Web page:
King’s College, Cambridge

Michal Zaglewski

Dr. Carpentier

Modern British Literature

24 November 2017

The Founding of Kings College

King’s College is a part of  the University of Cambridge in Cambridge, England. The college was founded in the year 1441 by Henry VI; however, due to the Wars of the Roses there was no enough funds for the college to be finished. Then in the year King Henry VII took interest in the college and finished its construction in the year 1508. The most distinguished part of this college is its chapel and is regarded as one of the greatest examples of Gothic English Architecture. The chapel also houses the world’s largest fan-vault in its interior. The stain glass windows that are present in the chapel are considered some of the best of their era. While the college was founded much earlier the chapel’s construction began in 1446 and was competed in 1544, under the rein of King Henry VIII.

Forster in Cambridge

Over the years the college has obtained many notable alumni, including Virginia Woolf and E.M. Forster. Forster attended the college from the year 1897 to the year 1901. Forster’s attendance to Cambridge allowed him to broaden his intellectual horizons from the rigid English culture he was raised in. Forster would eventually use the term “day student” as a criticism for public schooling and how it stifled creativity. Forster felt that in public schools children were forced into one of thinking, not allowing for any explortation in academia. His attendance to King’s college exposed him to the Mediterranean culture and allowed him to explore his own intellectual interests. At King’s College Forster began to question his Catholic morals and question his more traditional values. He began to break away from what he was thought and started to become his own man. In his first two years at Cambridge Forster was given a 2nd class degree in Classics and then after another two years was given another 2nd class degree in History.  He used what he learned, both academically and socially, at Cambridge to make his stories and works that one day would be known and read by many.

Cambridge Apostles

During his time in Cambridge he became a part of the secret group known as the Cambridge Apostles, which later went on to be known as the Bloomsbury Group. The group discussed all types of topics that usually consisted of philosophy, ethics, and politics. Forster influence by this group and the college he attended can be seen in his novel The Longest Journey. Forster commented on his work, discussing what Cambridge meant to the main character.

“Cambridge is the home of Rickie, . . . his only true home; the Cambridge of G. E. Moore which I knew at the beginning of the century: the fearless and uninfluential” (Forster).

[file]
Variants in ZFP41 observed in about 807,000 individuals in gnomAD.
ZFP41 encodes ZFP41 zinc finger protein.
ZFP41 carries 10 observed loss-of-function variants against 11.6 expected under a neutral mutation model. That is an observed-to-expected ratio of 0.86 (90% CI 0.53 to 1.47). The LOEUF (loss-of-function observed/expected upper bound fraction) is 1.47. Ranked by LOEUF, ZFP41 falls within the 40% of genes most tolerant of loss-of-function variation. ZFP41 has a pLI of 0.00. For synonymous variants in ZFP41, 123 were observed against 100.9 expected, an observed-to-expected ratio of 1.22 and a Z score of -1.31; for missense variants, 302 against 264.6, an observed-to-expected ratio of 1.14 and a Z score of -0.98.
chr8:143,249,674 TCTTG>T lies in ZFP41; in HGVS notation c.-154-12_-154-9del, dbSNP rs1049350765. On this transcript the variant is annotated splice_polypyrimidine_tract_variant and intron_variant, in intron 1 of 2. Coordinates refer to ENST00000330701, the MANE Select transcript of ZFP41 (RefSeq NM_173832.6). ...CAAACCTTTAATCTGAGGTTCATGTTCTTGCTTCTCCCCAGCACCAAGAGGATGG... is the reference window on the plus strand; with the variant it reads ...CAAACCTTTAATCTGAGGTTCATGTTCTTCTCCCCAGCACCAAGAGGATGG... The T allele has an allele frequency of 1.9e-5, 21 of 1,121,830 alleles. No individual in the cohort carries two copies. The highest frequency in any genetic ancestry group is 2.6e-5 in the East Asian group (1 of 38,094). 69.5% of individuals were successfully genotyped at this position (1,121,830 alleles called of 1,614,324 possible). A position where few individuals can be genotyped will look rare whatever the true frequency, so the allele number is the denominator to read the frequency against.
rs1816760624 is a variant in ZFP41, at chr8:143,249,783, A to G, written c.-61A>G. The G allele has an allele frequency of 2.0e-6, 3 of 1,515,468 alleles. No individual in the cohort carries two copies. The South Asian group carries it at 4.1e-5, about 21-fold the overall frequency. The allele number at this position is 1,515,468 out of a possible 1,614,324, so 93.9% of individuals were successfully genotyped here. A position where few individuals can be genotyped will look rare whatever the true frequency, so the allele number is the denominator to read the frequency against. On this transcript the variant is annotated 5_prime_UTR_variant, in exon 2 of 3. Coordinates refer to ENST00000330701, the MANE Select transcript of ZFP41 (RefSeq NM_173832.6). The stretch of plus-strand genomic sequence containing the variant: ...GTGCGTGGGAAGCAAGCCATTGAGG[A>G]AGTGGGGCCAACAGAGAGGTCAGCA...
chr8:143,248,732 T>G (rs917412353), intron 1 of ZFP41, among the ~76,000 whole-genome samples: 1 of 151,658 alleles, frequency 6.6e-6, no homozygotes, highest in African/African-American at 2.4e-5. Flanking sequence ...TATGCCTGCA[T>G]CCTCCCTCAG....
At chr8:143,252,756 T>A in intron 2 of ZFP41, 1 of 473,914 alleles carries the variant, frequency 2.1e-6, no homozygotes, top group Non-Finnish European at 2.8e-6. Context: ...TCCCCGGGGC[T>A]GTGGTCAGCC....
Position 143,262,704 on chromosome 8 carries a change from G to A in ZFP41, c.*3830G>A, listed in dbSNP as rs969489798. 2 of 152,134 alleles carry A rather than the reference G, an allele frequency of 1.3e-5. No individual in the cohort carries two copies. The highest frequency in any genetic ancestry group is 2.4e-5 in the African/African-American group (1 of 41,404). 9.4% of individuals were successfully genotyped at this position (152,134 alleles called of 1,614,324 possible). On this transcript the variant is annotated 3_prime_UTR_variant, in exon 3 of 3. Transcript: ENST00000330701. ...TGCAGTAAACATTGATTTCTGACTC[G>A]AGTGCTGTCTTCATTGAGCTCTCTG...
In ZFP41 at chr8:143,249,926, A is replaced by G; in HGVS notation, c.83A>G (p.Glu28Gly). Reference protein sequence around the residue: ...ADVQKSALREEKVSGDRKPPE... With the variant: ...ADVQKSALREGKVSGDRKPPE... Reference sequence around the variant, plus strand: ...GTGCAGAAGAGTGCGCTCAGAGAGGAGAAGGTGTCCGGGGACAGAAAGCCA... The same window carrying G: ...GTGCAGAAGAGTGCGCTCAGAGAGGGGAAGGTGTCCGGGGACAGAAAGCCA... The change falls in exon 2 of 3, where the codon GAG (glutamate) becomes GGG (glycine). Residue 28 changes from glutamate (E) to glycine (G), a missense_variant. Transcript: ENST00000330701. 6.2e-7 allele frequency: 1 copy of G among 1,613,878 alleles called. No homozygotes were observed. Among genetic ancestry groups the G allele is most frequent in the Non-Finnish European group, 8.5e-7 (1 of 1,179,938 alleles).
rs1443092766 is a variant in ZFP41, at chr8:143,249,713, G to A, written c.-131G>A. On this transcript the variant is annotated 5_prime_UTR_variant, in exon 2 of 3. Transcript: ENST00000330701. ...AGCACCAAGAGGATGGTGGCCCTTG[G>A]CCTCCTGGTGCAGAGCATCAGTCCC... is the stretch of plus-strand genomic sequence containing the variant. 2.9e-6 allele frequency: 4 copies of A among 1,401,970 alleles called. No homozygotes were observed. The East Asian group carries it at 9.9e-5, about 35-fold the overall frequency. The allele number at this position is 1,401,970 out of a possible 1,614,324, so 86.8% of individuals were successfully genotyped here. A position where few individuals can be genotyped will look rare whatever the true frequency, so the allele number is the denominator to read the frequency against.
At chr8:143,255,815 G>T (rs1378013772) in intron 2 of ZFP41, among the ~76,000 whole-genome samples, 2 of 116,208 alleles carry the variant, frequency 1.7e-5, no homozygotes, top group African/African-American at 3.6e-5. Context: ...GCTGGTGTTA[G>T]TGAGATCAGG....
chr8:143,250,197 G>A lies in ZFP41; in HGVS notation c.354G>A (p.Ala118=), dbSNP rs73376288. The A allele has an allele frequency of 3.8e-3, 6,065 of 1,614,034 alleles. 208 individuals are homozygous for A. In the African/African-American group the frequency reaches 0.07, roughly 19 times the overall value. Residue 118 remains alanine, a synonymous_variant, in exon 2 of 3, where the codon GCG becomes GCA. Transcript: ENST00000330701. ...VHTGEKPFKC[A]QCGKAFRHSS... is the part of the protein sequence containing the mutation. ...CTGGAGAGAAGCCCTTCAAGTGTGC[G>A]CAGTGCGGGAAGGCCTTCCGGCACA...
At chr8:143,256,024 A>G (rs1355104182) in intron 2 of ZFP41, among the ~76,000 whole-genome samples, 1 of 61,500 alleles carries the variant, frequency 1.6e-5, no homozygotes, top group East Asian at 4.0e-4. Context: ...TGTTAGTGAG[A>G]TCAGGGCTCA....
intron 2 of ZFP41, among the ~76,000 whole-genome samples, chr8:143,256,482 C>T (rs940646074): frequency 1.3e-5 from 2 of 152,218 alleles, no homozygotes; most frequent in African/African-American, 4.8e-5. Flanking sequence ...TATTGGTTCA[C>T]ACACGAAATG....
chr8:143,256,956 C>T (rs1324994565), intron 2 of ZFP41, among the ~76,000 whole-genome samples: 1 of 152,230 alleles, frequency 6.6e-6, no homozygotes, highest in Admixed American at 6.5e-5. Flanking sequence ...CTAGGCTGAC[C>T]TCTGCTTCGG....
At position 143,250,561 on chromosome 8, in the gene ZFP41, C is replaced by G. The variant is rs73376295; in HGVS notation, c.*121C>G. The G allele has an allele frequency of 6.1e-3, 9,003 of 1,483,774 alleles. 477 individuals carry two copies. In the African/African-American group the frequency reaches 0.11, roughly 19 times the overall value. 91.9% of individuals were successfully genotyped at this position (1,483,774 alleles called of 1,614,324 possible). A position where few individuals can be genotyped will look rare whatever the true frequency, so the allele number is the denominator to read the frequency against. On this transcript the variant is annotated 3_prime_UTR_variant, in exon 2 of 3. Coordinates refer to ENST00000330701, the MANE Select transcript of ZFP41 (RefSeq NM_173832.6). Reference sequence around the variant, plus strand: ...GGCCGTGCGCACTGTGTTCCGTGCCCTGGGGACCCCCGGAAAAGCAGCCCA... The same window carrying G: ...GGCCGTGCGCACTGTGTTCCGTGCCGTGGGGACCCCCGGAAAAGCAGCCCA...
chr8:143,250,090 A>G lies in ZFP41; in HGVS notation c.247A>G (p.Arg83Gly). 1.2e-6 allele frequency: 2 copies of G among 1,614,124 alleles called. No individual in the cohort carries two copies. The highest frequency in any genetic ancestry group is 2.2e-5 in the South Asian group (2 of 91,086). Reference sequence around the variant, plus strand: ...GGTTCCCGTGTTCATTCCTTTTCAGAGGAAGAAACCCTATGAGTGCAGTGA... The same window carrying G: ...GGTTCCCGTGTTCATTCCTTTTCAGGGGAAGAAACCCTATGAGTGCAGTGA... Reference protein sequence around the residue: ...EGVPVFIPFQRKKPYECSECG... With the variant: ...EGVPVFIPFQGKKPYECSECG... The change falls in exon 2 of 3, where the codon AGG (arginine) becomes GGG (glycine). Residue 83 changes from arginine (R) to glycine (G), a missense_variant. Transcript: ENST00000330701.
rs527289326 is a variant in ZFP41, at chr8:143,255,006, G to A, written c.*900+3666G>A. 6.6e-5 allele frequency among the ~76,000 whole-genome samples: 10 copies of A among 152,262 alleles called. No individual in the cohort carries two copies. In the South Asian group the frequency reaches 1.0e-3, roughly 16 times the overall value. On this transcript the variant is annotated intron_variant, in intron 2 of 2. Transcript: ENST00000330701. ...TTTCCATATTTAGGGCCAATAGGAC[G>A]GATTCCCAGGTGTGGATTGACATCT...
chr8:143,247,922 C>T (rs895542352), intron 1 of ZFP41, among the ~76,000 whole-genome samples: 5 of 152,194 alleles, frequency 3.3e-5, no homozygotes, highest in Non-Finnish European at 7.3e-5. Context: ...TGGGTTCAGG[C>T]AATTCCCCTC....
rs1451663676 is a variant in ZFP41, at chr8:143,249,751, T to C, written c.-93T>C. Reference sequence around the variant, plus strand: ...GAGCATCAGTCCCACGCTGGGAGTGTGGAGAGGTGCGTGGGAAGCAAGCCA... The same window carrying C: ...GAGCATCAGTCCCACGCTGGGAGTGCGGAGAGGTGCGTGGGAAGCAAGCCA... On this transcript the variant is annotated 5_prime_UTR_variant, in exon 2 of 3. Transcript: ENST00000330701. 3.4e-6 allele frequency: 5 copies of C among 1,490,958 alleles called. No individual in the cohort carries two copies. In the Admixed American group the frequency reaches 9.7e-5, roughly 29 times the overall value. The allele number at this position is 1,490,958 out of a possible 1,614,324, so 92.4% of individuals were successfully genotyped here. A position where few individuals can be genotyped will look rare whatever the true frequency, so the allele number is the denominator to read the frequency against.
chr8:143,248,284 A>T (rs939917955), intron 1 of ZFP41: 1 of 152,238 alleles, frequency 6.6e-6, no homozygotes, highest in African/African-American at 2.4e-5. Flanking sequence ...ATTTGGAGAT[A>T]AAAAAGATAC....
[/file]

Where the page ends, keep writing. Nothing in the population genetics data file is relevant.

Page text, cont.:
As a member of the Cambridge Apostles Forster discusses many topics and shared his opinions on various subjects. One topic that came up often in this group of people was World War I. In fact several of the Apostles, including Forster, where completely opposed to the idea of the war. Forster wrote to another member of the Apostles and his friend, Lytton Strachey, about his thoughts on the war.

“I have one of the simpler forms of war-malady – can only think of young men killing each other while old men praise them” (Forster).

He also writes to Strachey about how he had begun teaching.

“Teaching English to eleven policemen of extreme beauty” (Forster).

Forster also mentions famous authors and members of the Cambridge Apostles in many of these letters, authors such as D.H. Lawrence, Virginia Woolf, and Leonard. These letters are good examples of how Cambridge made Forster into his own man. The letters contain his own intellecutally formed thoughts and opinions on matters such as the war.

King’s College Today

King’s College today is a landmark for tourists coming to London. Even after all this time the chapel is still revered as one of the greatest architectural pieces to be built. However, the college is not only known for its chapel’ amazing architecture and stained glass windows found within it. The college is also famous for its choir that broadcasts a Christmas Eve service around the world. Currently the school has an acceptance rate of 20.8% and has about 700 students. The college has over 20 different subjects that students can study and explore during their stay at King’s. Even today the college is still known for its famous alumni and the influences they have had on the world of academia.

Works Cited

 “E. M. Forster Biography.”, TheFamousPeople, November 1 2017,   Accessed    21 November 2017.

“E.M. Forster.” Cambridge Authors, Cambridge Authors, 2017,   Accessed 20 November 2017.

Furbank, P.N. E.M. Forster: A Life. Mariner Books, 1994.

“King’s College, Cambridge.” Wikipedia, Wikipedia, October 24 2017,  ,_Cambridge. Accessed 19 November 2017.

Furbank, P.N. E.M. Forster: A Life. Mariner Books, 1994.

“Strachey papers (20th century series). Vol. XII (ff. 191).” British Library,     Accessed 22 November 2017.